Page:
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American Rescue Plan Funding: A Playbook for Efficiently Getting the Lead Out
Lead is a neurotoxin that continues to harm communities across the country. Though new uses of lead in paint, gasoline, and pipes have been banned for several decades, lead in legacy products and materials remains in communities, posing an ongoing threat to human and economic development. Anywhere from 6 to 10 million residential lead service lines (LSLs), for instance, are still in use nationwide.
Funding included in American Rescue Plan (ARP) grant programs gives cities and states the opportunity to finally eradicate lead contamination in water lines. The steps outlined in this memo (and summarized in the figure below) represent a data-driven approach to rid American communities of the pernicious effects of lead contamination in water systems. This approach builds on research from the University of Michigan and subsequent implementation by BlueConduit in more than 50 cities in the United States and Canada.
- Put together an initial inventory to understand what is known in the water system
- Organize data
- Identify gaps and inconsistencies
- Characterize unknown service lines by random inspection
- Conduct a representative, randomized sample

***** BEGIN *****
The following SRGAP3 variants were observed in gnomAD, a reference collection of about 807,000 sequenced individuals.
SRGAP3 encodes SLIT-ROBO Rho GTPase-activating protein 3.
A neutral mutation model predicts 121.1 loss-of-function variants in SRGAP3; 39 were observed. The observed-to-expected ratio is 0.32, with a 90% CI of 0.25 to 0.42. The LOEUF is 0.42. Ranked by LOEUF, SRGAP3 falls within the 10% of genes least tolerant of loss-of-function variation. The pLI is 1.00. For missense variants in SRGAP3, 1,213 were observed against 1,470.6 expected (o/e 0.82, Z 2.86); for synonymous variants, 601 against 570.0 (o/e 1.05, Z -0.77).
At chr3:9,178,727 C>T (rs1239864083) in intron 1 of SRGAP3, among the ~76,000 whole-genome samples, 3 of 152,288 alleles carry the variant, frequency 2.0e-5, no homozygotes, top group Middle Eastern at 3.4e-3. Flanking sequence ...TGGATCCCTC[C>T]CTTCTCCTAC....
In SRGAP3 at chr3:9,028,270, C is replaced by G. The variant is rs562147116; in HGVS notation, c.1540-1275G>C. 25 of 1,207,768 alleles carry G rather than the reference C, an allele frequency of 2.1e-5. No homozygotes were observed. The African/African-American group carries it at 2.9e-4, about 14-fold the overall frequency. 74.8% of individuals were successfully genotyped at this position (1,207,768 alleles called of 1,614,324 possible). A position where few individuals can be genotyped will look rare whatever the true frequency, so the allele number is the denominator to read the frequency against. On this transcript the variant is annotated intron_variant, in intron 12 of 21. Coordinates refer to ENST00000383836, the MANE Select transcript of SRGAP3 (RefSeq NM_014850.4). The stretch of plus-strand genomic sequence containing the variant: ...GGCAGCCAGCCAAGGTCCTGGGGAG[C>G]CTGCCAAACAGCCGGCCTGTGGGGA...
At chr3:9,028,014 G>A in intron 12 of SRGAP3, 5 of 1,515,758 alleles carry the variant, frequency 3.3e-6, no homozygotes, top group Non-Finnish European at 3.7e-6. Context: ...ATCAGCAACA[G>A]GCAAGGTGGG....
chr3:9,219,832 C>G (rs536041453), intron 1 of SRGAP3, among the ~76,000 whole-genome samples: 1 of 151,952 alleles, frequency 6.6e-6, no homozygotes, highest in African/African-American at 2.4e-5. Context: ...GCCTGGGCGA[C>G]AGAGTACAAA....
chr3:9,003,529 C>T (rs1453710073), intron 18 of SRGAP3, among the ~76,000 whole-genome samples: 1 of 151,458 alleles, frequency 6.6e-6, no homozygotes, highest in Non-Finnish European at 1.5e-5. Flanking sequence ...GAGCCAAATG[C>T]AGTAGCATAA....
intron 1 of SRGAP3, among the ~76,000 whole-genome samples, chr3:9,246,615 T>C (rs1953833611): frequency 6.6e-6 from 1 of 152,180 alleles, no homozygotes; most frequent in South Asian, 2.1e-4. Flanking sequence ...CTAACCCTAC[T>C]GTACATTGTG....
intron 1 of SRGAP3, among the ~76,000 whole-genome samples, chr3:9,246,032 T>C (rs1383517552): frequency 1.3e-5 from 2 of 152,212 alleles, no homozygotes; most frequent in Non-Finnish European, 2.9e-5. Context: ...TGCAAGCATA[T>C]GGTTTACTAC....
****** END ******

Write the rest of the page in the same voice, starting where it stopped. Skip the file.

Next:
- Identify home-level likelihoods of lead through statistical modeling
- Request funding for full replacement based on actionable data
- Iteratively update the model with data gleaned from replacement digs
BlueConduit originated the approach of using machine learning to predict lead service line materials and have been doing it longer than anyone else. Our team has been helping local officials and their engineering partners identify and remove lead service lines since 2016.
In 2020, BlueConduit co-authored a white paper with the Association of State Drinking Water Administrators on “Principles of Data Science for Service Line Inventory and Replacement.”
We’ve now created our software platform to streamline this process for our utility and engineering partners.
BlueConduit enables utilities to focus their resources on digging where the lead is to accelerate the removal of this significant health concern and save millions of dollars in avoided digs.